This blog is not updated as frequently as some others, but it contains worthwhile posts, articles, and tips. There are also interviews with data scientists that discuss what it’s like to be a data scientist and what their daily work routine looks like.

No Free Hunch

We’ve already mentioned Kaggle. Now meet No Free Hunch, the official Kaggle blog. Most of the articles on this platform are related to Kaggle competitions, but they also cover the following areas:

  • Data Science News
  • Kaggle News
  • Kernels
  • Tutorials
  • Winner’s Interviews

The winner’s interviews section is great. Through these posts, you can get to know experienced Kagglers, their backgrounds, their experiences, and how they go about winning competitions.

Facebook, Airbnb, and Oracle

Companies like Facebook, Airbnb, and Oracle have their own official blog sites related to data science, deep learning, and artificial intelligence. On those sites, you can find cool topics like advanced analytics, computer vision, and neural nets. Here are some topics related to artificial intelligence, deep learning, and cloud architecture:

For more interesting and helpful articles, explore these sites.

Q&A Sites

CrossValidated and Stack Overflow

CrossValidated and Stack Overflow are very similar. In fact, CrossValidated is the sister site to Stack Overflow. Both are question-and-answer sites, and Stack Overflow is visited by more than 50 million developers each month.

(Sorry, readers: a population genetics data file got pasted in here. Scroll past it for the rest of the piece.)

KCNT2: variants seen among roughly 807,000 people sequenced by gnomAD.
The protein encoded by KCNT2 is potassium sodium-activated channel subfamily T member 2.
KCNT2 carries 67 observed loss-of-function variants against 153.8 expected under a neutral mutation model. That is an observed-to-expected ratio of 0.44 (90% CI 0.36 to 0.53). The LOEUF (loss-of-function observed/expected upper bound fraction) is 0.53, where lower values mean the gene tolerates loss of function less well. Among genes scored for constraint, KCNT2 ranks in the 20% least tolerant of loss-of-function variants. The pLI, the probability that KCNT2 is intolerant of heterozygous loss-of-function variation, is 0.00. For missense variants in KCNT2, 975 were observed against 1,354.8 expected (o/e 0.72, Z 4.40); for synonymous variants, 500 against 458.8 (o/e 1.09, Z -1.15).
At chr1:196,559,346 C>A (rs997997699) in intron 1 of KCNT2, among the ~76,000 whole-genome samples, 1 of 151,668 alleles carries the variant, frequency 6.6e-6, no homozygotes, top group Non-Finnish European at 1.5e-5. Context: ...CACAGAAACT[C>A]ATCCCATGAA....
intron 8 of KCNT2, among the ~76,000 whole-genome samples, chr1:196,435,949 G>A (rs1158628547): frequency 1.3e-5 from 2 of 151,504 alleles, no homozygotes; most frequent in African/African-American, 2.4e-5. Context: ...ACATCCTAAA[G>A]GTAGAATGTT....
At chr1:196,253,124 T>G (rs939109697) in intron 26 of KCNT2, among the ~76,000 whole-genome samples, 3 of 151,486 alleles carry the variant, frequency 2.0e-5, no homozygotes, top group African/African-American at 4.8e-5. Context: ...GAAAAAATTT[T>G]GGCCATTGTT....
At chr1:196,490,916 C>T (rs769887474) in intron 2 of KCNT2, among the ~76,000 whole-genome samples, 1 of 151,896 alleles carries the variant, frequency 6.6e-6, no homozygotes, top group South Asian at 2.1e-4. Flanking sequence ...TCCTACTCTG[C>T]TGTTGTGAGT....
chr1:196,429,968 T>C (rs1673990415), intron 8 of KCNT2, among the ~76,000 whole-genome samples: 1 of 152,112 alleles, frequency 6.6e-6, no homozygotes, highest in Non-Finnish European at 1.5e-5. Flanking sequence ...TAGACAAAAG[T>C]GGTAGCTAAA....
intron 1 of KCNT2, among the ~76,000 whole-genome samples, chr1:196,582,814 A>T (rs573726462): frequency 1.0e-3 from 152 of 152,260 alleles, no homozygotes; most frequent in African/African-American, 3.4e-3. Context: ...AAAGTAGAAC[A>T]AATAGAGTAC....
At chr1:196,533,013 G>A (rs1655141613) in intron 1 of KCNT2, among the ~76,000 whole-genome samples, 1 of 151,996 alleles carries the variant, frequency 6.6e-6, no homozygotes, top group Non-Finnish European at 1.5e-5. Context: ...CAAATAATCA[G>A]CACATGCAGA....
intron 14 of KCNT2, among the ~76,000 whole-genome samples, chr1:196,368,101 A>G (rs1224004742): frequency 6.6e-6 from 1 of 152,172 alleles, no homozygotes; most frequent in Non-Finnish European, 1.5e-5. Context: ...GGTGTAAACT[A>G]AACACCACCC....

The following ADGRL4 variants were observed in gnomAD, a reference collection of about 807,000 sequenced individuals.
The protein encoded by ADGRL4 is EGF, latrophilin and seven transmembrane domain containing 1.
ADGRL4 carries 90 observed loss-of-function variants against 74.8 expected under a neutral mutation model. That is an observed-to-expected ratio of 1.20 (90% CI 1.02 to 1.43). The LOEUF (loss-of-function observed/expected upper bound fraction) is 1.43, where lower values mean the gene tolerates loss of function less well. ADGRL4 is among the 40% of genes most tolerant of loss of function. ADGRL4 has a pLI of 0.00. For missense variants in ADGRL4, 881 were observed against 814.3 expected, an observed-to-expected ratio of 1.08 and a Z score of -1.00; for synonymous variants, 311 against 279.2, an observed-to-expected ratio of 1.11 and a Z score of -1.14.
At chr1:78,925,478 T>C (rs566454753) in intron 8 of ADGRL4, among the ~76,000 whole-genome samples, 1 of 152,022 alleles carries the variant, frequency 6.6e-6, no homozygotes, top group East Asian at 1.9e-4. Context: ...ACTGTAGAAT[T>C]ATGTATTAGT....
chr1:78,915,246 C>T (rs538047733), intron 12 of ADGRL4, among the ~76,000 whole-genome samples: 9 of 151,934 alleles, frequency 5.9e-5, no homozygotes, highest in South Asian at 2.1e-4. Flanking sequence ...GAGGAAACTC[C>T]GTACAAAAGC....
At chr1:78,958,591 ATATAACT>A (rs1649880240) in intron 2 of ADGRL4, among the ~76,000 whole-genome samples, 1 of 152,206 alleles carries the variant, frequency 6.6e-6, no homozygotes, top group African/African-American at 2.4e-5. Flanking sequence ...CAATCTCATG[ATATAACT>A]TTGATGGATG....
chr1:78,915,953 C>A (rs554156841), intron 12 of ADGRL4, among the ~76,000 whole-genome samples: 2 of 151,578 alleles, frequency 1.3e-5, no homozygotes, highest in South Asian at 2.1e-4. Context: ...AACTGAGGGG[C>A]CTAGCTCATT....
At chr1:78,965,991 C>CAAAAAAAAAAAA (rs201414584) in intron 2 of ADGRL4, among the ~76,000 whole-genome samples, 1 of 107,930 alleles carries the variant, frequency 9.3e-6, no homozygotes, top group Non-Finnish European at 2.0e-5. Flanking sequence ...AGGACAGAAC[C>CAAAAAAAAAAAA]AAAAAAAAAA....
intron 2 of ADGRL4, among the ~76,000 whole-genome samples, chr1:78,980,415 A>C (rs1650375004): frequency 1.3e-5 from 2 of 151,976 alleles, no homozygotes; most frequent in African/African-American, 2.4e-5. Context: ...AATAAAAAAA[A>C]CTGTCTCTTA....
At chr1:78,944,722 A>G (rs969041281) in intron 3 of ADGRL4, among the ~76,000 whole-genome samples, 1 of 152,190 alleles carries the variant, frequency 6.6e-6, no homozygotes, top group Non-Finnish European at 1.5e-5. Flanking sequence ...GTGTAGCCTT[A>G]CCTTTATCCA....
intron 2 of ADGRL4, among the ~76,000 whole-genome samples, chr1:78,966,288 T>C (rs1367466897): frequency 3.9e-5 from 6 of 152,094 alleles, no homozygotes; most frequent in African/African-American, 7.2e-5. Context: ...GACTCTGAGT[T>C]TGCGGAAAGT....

Why two Q&A sites? CrossValidated centers around statistics, machine learning, data analysis, data mining, and data visualization. I like to call it Stack Overflow for data scientists. Questions related to R and Python programming can be found on Stack Overflow pages, and questions related to statistical analysis, machine learning, and probability theory will likely be found on CrossValidated.

I cannot imagine doing my daily work without these resources. They’re pulled up on my web browser most of the time.

Quora

Quora is another question-and-answer site where questions are asked, answered, edited, and organized by a community of users. Quora answers questions of all kinds, from cooking to career advice. You can choose specific channels, like technology, or you can search for topics.

Besides questions related to programming or machine learning problems, you can find interesting “general data science” questions on Quora. Here are a few: